Winds of Change: In the Past Decade, Wind Farms Have Become Fixtures across Britain's Countryside, Providing the Nation with Renewable Energy-And Polarising Opinion, with Opponents Viewing Turbines as Eyesores and Doubting Their Green Credentials. but These Tall, Slender Sentinels Are Here to Stay, and Can Provide an Interesting Centrepiece to Your Landscape Photography

By Wilson, Keith | Geographical, May 2011 | Go to article overview

Winds of Change: In the Past Decade, Wind Farms Have Become Fixtures across Britain's Countryside, Providing the Nation with Renewable Energy-And Polarising Opinion, with Opponents Viewing Turbines as Eyesores and Doubting Their Green Credentials. but These Tall, Slender Sentinels Are Here to Stay, and Can Provide an Interesting Centrepiece to Your Landscape Photography


Wilson, Keith, Geographical


The earthquake and tsunami that devastated northeastern Japan in March may yet prove to be the catalyst for change that spurs the world into pursuing a future powered by renewable energy. The radiation leakage from the stricken Fukishima nuclear power plant has proven of graver long-term concern to Japan and the international community than the destruction and huge loss of life inflicted on coastal towns. Suddenly Japan's nuclear power stations are perceived as vulnerable to the seismic shifts that characterise the subterranean geography of this island nation. By contrast, according to the Japan Wind Power Association, not a single wind turbine in Japan was damaged by the 9.0-magnitude earthquake or subsequent tsunami.

There are more than 1,700 wind turbines in Japan, generating approximately 2,300 megawatts of electricity, but this represents a tiny fraction of the country's energy needs. However, the images of explosions rising ominously over the stricken Fukishima power station have forced governments all over the world to review their plans for nuclear power expansion. Suddenly, wind power, with its forests of turbines rising starkly over land- and seascapes, is being taken more seriously by government and industry alike.

GROWTH AND CONFLICT

Few countries can match the UK's current investment in wind power. At the start of this year, there were nearly 290 operational wind farms containing a total of 3,100 turbines in Britain. Many are major feats of engineering, particularly those situated offshore, where the tallest turbines are to be found. For example, 175 turbines, each the height of the Big Ben clock tower/ are being constructed in the Thames Estuary. The UK is the world leader in constructing offshore turbines, and needs to have 7,500 in place by 2020 in order to meet the EU target of generating a fifth of energy supply through renewable needs.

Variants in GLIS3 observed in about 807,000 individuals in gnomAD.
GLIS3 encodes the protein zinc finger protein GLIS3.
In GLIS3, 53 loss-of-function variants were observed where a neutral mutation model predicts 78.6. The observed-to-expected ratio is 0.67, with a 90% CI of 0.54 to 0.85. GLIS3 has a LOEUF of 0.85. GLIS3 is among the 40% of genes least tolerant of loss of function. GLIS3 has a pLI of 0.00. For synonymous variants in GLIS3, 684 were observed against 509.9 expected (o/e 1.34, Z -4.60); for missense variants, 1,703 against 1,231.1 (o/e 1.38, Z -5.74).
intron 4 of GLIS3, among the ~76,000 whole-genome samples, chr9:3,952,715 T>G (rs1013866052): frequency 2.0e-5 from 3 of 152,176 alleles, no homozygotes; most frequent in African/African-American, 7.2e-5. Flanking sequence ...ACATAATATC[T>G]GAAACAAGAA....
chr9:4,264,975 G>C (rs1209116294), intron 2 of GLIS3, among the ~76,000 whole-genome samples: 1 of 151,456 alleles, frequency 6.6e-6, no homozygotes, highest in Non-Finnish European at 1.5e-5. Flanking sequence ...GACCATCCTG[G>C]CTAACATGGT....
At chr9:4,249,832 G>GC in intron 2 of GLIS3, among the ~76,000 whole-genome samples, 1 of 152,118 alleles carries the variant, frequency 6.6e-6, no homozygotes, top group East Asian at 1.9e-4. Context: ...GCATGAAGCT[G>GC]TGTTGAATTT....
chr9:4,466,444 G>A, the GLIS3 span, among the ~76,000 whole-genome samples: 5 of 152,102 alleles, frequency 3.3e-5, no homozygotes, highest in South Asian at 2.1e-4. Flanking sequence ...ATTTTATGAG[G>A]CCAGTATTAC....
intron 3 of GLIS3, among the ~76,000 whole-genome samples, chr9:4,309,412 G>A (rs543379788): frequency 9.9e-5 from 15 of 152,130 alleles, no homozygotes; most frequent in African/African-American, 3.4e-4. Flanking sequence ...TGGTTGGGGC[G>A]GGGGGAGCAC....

In short, wind turbines are here to stay. However, despite the fact that they produce renewable, carbon-free energy, wind farms aren't immune from opposition. As a conspicuous feature of our landscape and coastline, wind farms raise the ire of many, including conservationists and photographers. 'If I wanted to build in an area of outstanding natural beauty, I wouldn't be allowed, yet these turbines are 22 storeys high and put on hills where everyone can see them,' remarked naturalist David Bellamy in 2004. 'They need 1,000 tonnes of concrete and a road infrastructure. It beggars belief that some environmental groups say they are "green"!'

Bellamy's quote is still used by anti-wind-turbine campaigners, but other environmental groups argue that humanity's harnessing of natural resources permanently altered the British landscape centuries before the erection of the first windmill. The irony is that the quintessential English landscape that many seek to preserve is largely man-made anyway, through hundreds of years of deforestation, cultivation, human settlement and the exploitation of natural resources.

LANDMARKS IN THE LANDSCAPE

The appearance of large wind turbines in the UK landscape is a recent phenomenon. Ecotricity, a leading green-energy supplier, built the UK's first megawatt wind turbine in 1999. Now the centerpiece of the Ecotech Centre in Swaffham, Norfolk, the 60-metre-high windmill supplies power to 9S2 homes and is the only wind turbine in the world with a public viewing platform (designed by Sir Norman Foster).

With thousands now in place and thousands more under construction or at the planning stage, wind turbines have become a landscape feature as omnipresent as a stone dyke, hedgerow, golf course or mobile phone mast. Increasingly landscape photographers have to consider how best to include (or exclude) these structures when planning their forays into the countryside or along the coast.

In isolation, a wind turbine may be viewed as a prominent landmark; grouped together in a wind farm, turbines become the main subject. …

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Winds of Change: In the Past Decade, Wind Farms Have Become Fixtures across Britain's Countryside, Providing the Nation with Renewable Energy-And Polarising Opinion, with Opponents Viewing Turbines as Eyesores and Doubting Their Green Credentials. but These Tall, Slender Sentinels Are Here to Stay, and Can Provide an Interesting Centrepiece to Your Landscape Photography
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